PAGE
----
Second, the season of blood sampling varies, and this might account for a part of the observed differences between studies, because the intensity of sunlight and the amount of sunlight per day varies between seasons. These differences may be larger when studies in European countries are part of the comparison, because seasonal differences in sunlight are expected to be higher in countries at higher latitudes. For that reason, the time of year was mentioned in the tables.
Third, the comparison is hampered because the serum 25(OH)D assessment methods differ, which may influence differences between groups [62
]. In addition, the level of accuracy of studies within Europe and in the country of origin might differ. However, although we could not adjust for this type of bias, we presume that the differences will not be systematic or large enough to substantially alter the conclusions.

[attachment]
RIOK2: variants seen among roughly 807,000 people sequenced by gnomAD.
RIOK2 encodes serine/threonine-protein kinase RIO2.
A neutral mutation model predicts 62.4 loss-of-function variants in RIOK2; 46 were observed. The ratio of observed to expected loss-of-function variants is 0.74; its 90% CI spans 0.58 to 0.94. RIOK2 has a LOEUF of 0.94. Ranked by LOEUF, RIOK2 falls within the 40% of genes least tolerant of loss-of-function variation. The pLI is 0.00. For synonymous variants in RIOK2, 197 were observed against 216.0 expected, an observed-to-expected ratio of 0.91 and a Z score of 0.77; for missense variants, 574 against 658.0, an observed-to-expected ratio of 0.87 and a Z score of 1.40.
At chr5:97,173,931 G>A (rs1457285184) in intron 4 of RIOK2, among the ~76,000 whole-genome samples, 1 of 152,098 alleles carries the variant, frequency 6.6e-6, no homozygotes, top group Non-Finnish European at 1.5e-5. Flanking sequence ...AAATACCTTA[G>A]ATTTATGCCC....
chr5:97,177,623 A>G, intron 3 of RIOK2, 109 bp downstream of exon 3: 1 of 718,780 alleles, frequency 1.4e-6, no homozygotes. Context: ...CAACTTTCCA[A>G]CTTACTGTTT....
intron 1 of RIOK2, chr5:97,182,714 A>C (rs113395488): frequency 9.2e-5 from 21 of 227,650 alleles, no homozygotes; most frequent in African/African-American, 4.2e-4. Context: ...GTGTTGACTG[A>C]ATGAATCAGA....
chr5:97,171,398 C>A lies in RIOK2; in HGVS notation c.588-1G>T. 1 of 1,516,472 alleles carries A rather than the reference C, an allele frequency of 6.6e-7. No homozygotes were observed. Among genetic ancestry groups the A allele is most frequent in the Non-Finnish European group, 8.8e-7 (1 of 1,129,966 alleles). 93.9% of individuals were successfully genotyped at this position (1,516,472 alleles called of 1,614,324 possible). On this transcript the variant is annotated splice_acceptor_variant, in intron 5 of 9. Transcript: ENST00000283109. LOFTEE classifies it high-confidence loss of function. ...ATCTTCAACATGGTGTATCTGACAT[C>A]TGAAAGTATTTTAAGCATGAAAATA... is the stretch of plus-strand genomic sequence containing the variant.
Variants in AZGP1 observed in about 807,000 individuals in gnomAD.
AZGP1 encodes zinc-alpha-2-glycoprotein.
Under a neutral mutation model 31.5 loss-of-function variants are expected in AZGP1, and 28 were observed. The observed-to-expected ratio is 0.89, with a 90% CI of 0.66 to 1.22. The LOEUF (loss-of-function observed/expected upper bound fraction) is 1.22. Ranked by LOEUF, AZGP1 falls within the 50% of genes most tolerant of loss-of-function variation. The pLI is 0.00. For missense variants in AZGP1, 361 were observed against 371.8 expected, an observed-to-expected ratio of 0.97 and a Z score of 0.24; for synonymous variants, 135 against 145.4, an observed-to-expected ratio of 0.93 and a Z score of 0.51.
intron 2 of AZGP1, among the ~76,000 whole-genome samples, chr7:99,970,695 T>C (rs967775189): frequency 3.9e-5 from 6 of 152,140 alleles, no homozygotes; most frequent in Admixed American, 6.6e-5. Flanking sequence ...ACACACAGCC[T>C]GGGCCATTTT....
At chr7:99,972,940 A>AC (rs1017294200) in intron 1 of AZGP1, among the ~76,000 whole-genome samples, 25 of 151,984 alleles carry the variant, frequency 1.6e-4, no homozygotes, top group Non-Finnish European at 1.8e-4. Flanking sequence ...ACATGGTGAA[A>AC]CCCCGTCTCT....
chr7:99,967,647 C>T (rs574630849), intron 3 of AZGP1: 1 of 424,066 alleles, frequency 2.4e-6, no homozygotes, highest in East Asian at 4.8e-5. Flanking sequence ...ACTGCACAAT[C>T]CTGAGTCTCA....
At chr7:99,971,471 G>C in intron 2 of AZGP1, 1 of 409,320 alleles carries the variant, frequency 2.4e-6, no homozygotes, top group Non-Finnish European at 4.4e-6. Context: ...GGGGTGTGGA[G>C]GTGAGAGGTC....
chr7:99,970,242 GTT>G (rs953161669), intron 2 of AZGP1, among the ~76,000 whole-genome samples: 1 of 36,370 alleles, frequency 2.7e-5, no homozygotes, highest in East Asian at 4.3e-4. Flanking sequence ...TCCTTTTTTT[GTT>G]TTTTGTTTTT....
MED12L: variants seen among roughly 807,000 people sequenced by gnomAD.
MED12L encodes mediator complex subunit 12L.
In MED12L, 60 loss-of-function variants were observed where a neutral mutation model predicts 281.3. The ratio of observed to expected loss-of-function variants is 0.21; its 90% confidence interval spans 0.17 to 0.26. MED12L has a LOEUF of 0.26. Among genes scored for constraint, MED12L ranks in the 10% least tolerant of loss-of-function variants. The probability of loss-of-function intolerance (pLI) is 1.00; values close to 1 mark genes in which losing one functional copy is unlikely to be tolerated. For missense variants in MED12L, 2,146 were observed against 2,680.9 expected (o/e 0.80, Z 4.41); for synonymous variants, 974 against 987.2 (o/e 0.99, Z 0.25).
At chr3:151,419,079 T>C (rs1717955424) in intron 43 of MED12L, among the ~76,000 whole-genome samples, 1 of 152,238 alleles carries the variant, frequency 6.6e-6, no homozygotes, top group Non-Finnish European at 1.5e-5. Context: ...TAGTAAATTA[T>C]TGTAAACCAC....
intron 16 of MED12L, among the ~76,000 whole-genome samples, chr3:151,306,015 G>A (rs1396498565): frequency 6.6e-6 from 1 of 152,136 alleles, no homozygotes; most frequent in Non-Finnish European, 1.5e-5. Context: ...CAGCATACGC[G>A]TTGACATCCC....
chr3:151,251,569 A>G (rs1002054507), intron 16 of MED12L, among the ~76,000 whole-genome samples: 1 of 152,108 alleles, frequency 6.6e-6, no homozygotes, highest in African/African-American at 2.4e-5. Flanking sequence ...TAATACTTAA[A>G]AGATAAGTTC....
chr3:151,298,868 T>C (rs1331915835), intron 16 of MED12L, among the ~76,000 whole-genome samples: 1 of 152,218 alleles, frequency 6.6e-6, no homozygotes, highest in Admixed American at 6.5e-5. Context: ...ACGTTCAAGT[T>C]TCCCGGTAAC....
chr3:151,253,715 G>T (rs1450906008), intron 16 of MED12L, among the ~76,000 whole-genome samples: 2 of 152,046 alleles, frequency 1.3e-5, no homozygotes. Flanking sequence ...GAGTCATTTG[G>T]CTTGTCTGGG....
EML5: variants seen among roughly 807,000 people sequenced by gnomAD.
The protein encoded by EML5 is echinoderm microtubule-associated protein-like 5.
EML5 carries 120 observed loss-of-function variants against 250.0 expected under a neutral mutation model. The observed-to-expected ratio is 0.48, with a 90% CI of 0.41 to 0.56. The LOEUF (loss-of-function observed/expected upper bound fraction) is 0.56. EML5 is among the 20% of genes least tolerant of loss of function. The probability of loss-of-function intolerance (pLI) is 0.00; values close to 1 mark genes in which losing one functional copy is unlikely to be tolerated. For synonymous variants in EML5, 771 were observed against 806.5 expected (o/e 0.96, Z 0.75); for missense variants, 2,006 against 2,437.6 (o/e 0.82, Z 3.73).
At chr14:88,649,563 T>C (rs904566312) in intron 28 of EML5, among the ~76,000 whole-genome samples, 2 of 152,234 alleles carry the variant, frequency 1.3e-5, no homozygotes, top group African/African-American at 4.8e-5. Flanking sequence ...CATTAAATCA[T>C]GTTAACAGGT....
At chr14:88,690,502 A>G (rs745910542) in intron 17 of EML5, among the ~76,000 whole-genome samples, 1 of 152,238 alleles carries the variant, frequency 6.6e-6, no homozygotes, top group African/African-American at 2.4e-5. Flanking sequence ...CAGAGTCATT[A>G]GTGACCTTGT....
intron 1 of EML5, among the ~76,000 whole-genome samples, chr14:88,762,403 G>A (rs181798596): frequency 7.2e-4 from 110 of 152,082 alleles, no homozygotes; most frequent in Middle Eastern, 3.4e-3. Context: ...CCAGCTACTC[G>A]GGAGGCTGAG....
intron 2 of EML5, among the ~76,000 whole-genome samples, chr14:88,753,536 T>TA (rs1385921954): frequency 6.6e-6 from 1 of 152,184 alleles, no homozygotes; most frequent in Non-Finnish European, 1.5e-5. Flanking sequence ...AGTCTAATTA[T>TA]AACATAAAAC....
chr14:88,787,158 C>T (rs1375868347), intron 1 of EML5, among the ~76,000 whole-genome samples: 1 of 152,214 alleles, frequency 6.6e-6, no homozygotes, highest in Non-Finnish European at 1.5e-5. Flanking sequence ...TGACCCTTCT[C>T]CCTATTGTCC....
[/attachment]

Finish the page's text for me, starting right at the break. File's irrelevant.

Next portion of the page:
Finally, in comparing the various populations, it is important to realize that the social conditions of the immigrants might not be the same as those of the original populations. The cultural habits (skin-covering clothes, sun exposure, diet) might also change after immigration, particularly among the second generation.
Serum 25(OH)D concentrations of nonwestern immigrants in Europe and of subgroups of Turkish, Moroccan, Indian, and sub-Saharan countries are low. Ways to increase the serum 25(OH)D concentration include increased exposure to sunlight and increased intake of products that contain vitamin D. The strategy to effectuate these increases will differ in the various countries and populations and should be the subject of further study. These studies should ideally include measures of health to support the need for this increase in serum 25(OH)D.